Mind Matters: Stage fright on my mind
Stage fright is on my mind for various reasons. I have spent my entire life dealing with it since my first memory slip at age six, and it has continued to arise in my career as a performer and subsequently as a psychotherapist. Stage fright is not a topic that is easily discussed or admitted, because shame is an embarrassing component of this anxiety which forces the topic into the mental underground.
Experiencing stage fright poses a paradox for musicians who are talented, intelligent, good problem solvers, practice hard, and love what they do. A logical solution would seem to be "just do it" after hours of practicing. But stage fright defies logic, betrays good practice habits, and diminishes love of playing an instrument. The onset of stage fright can be anticipated but not predicted. It occurs in some situations and not others. A performer can be exhausted and play wonderfully. The same performer can be well-rested and play unconvincingly (usually experienced as a terrible failure by the disappointed performer).
Performers often feel lonely with this so-called affliction. They assume others do not suffer with it, or if they do, have found more effective ways to conquer their stage fright. It feels like a flaw to admit being nervous to the point of fear and dread. But there is a high price, paid emotionally,to keeping a "stiff upper lip" (especially for brass and woodwind performers) and remaining verbally silent about one's fears. Many musicians just practice longer and harder, as if that kind of workaholic magic will eliminate or reduce anxiety on stage. Practicing intelligently is necessary. Digging in to avoid nerves is not productive, and often is counterproductive. (Consider the added liability of physical injury when practicing intensely under mental duress.)
All of us have read books and articles and blogs that address this topic. Various sorts of help are offered—exercise, psychological theories, therapies, diets, exercise. All of us want that magic bullet. The magician therapist or teacher who can give an answer to end our suffering would be out of business in no time. I see this fantasy as akin to wishing to play perfectly in every situation, and never being debilitated or overwhelmed by the strong feelings that are called performance anxiety.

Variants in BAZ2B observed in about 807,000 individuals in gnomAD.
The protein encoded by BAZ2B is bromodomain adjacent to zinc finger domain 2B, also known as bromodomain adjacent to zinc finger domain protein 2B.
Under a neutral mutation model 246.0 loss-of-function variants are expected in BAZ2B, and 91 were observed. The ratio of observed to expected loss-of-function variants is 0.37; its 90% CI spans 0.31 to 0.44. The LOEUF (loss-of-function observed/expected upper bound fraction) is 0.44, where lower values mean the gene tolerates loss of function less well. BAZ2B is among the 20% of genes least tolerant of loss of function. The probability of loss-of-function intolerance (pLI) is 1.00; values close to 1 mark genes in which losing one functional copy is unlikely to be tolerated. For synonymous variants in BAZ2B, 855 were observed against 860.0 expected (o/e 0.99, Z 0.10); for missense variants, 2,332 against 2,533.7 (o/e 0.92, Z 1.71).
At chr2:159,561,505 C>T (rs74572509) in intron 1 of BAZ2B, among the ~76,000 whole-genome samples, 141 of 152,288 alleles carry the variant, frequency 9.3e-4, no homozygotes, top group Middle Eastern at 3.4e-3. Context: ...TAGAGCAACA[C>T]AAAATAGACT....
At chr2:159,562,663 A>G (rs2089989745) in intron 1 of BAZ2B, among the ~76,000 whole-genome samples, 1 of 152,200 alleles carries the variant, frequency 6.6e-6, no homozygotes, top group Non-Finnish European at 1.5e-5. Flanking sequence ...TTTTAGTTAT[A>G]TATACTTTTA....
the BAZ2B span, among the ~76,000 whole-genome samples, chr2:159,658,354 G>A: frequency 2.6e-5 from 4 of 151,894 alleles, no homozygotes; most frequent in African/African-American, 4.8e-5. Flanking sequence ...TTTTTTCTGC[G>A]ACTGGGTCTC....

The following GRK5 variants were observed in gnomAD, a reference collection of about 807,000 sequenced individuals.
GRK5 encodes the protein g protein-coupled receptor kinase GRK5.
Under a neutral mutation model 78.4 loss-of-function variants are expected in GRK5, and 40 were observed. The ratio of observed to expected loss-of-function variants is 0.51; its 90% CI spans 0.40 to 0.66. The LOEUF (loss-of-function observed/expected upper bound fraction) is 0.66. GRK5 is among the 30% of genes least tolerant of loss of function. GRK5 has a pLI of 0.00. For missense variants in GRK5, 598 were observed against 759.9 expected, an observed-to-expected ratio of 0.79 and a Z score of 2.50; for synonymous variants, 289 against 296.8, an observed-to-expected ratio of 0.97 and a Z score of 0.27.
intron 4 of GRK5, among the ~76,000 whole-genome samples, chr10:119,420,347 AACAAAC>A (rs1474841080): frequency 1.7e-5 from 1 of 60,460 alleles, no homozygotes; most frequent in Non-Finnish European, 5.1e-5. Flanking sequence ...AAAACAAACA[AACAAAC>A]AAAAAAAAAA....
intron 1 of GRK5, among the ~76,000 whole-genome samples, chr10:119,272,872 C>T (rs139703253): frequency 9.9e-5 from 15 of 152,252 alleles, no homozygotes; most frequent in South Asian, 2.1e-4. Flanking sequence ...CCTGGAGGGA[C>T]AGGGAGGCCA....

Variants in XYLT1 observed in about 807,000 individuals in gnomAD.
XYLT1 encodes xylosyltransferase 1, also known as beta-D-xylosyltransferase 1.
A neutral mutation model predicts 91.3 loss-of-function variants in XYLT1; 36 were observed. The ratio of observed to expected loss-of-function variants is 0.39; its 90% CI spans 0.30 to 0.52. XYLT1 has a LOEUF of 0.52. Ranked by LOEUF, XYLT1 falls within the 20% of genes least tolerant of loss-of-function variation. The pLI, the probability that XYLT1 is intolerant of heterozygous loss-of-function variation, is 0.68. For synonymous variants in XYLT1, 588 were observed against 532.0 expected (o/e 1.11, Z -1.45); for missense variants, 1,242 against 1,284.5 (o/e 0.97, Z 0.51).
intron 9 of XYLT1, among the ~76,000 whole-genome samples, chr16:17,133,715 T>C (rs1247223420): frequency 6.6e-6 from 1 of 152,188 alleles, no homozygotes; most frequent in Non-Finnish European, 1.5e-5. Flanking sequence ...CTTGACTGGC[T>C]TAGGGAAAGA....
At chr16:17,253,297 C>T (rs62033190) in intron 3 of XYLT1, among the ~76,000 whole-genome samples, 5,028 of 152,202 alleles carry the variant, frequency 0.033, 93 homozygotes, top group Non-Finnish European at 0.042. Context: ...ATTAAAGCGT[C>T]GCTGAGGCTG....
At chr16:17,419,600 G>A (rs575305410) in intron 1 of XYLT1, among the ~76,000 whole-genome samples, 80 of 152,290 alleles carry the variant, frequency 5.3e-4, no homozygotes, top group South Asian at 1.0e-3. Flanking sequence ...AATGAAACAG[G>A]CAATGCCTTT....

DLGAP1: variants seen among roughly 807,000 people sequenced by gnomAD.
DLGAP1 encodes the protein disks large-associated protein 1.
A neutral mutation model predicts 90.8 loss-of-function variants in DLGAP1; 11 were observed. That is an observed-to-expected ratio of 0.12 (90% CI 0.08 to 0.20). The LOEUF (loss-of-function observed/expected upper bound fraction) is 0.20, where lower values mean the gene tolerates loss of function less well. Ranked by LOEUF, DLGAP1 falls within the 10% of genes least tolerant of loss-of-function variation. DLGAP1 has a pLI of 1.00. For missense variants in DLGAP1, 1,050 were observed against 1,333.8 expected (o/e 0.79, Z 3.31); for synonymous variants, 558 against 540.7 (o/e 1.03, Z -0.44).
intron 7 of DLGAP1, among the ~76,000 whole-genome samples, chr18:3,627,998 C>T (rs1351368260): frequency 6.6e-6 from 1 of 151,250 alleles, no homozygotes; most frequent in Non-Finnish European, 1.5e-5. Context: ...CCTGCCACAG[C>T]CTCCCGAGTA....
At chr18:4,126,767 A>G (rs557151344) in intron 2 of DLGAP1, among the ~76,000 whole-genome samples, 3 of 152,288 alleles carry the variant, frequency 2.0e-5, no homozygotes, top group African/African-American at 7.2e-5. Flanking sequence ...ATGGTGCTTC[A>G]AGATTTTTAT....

Many musicians feel alone with their intense emotions, and also in their quest for answers. Some even give up and stop playing altogether. High anxiety also affects personal relationships and self-image, which typically include feelings of incompetence. The "chicken-egg" question is pertinent to consider here: does having debilitating stage fright make you feel incompetent? Or does a poor self-image (feeling incompetent) contribute to your stage fright? Why is this an either/or question at all? I suggest the question and the answer involve a "both/and" approach.
My many years of experiencing and treating stage fright finally prompted me to write more than short blogs and longer articles. My book, Managing Stage Fright: A Guide for Musicians and Music Teachers, addresses these serious questions and offers multiple ways to understand this demon that is unwanted and unwelcome. I do not promise magic answers in my book, although I offer many suggestions for teachers and performers to consider and to discuss with students and among themselves. I do hope that if you read what I have to say, your personal performance journey will be enhanced, and you will better enjoy the entire process from start to stage.
I conclude here with some thoughts to ponder and tips to try for yourself and with your students. I hope you will find some helpful ways to think about performance anxiety.
• Normalize performance anxiety. Make the lesson a safe place for you and your student to talk about stage fright as part of music making.
• Listen to what students say. Do not try to convince them they should not be nervous.
• Help students become aware of what they think, feel, and say to themselves about performing. Point out self-defeating, conflicted, and negative self-statements.
• Talk about performance anxiety with students individually and in studio classes.
• Teach how to use anxiety effectively as a cue to coping. (Use examples about school, home, friends.)
• Invite students to be "performance coaches" for each other.
• Let students know that it is "cool" to talk about what they feel in a safe environment of lessons and studio classes. (What is said in class stays in class!)
• Invite students to offer suggestions about what makes the studio class a safe place to speak.
• Emphasize and discuss with students that there is no such thing as a perfect performance.
• When you or your students feel "stuck" (and you will from time to time), use your feelings to problem-solve creatively.
• Do not judge yourself as "good" or "bad" if you experience stage fright—it is how you deal with it that counts.
Remember, you are managing your stage fright over the long haul; you may not realize the progress you are making from day to day. It all adds up if you keep adding.